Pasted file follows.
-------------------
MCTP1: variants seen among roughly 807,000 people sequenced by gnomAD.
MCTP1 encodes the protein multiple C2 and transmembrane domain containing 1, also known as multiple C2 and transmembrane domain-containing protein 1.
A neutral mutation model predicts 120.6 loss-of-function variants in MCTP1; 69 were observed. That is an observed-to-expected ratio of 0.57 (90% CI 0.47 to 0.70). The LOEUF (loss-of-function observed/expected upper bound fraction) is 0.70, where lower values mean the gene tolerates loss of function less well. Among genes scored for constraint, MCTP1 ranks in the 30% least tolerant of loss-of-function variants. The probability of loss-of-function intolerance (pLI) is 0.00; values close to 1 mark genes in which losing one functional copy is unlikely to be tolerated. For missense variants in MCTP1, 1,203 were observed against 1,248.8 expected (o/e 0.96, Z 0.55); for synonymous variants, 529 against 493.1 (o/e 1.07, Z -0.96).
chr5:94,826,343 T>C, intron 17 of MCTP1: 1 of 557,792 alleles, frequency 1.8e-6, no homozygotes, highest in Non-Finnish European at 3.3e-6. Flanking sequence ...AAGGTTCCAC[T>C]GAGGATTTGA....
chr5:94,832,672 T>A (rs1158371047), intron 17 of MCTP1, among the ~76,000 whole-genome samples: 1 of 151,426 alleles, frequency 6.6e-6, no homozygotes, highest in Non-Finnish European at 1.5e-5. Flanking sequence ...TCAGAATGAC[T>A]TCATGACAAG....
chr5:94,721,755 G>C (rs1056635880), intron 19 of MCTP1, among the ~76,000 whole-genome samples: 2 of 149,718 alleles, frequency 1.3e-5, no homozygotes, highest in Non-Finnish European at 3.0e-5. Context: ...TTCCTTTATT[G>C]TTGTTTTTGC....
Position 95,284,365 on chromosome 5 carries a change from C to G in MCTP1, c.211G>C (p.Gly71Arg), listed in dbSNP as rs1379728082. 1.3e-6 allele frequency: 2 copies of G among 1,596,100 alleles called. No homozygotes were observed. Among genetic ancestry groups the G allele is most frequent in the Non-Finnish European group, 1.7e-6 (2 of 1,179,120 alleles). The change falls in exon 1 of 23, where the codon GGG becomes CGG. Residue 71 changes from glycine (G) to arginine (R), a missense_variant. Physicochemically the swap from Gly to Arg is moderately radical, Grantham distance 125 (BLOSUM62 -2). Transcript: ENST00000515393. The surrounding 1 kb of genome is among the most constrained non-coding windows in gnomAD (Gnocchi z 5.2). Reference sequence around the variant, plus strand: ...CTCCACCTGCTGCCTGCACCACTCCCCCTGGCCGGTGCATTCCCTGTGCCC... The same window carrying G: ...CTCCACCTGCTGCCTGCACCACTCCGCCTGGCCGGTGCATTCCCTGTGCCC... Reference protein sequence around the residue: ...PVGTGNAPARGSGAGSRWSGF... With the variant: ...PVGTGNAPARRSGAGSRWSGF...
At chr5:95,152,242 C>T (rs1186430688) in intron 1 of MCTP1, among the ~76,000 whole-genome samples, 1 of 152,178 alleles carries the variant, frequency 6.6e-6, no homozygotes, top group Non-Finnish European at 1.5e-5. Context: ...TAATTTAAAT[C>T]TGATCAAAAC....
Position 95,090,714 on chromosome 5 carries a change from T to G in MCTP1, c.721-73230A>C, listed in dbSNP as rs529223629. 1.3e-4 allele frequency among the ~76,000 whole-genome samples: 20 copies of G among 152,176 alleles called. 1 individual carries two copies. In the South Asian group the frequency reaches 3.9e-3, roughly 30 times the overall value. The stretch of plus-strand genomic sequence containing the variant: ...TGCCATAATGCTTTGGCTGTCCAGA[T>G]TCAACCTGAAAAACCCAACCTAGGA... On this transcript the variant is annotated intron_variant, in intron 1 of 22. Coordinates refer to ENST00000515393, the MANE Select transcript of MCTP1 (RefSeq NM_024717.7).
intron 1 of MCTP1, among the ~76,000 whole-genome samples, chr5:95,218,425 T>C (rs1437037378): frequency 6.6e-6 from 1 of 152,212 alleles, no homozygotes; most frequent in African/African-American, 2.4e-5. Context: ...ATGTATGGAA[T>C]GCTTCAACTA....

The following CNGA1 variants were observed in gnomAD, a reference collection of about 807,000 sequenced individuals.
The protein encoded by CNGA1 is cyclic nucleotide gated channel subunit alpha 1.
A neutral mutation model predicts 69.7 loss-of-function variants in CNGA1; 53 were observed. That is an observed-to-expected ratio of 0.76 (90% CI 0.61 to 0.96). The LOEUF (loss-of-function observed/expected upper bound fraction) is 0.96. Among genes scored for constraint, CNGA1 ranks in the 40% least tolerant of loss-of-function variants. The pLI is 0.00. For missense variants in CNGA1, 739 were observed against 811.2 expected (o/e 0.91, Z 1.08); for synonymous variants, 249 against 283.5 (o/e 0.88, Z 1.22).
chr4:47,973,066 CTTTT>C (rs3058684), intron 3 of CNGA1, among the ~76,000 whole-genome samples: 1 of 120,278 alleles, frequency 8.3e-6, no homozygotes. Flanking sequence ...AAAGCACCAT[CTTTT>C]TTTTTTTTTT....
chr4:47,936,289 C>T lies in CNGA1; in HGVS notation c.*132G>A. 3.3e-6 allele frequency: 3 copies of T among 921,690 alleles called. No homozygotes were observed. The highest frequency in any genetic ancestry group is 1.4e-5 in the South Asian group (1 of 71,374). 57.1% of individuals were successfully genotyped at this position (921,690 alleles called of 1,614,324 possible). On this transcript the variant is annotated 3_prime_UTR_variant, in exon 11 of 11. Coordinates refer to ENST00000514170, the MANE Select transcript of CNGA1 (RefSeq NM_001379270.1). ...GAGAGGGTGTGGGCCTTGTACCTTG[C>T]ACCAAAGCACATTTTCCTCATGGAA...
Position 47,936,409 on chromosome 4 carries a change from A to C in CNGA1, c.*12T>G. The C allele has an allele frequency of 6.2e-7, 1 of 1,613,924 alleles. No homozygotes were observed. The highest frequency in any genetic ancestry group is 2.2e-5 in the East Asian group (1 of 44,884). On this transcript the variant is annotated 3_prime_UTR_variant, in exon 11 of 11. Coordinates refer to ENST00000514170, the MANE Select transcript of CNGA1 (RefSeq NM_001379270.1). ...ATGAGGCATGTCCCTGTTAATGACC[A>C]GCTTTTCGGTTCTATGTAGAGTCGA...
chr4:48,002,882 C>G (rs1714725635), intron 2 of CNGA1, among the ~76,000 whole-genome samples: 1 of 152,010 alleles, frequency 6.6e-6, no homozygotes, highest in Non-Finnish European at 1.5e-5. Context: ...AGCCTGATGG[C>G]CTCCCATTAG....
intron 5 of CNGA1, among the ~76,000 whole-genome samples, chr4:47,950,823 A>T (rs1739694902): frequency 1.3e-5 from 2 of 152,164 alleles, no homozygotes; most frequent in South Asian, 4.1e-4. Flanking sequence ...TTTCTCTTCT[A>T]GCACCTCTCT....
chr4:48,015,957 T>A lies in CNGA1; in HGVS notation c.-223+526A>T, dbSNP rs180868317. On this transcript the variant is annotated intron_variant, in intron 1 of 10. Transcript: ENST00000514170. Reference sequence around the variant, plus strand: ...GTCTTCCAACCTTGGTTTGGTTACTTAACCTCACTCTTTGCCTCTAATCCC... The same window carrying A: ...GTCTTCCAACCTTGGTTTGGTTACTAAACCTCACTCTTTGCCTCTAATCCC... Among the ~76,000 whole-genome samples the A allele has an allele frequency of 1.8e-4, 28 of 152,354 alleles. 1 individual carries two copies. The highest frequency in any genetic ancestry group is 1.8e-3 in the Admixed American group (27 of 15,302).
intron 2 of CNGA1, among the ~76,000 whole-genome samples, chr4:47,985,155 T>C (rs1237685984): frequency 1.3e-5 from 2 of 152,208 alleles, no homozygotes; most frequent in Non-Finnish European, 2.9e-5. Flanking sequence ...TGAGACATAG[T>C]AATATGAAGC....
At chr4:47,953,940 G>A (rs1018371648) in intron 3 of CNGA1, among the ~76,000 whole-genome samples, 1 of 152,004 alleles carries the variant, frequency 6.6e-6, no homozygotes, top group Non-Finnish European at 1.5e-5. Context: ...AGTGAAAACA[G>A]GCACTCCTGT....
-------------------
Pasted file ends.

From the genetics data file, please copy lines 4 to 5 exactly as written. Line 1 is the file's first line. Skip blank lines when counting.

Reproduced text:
chr5:94,826,343 T>C, intron 17 of MCTP1: 1 of 557,792 alleles, frequency 1.8e-6, no homozygotes, highest in Non-Finnish European at 3.3e-6. Flanking sequence ...AAGGTTCCAC[T>C]GAGGATTTGA....
chr5:94,832,672 T>A (rs1158371047), intron 17 of MCTP1, among the ~76,000 whole-genome samples: 1 of 151,426 alleles, frequency 6.6e-6, no homozygotes, highest in Non-Finnish European at 1.5e-5. Flanking sequence ...TCAGAATGAC[T>A]TCATGACAAG....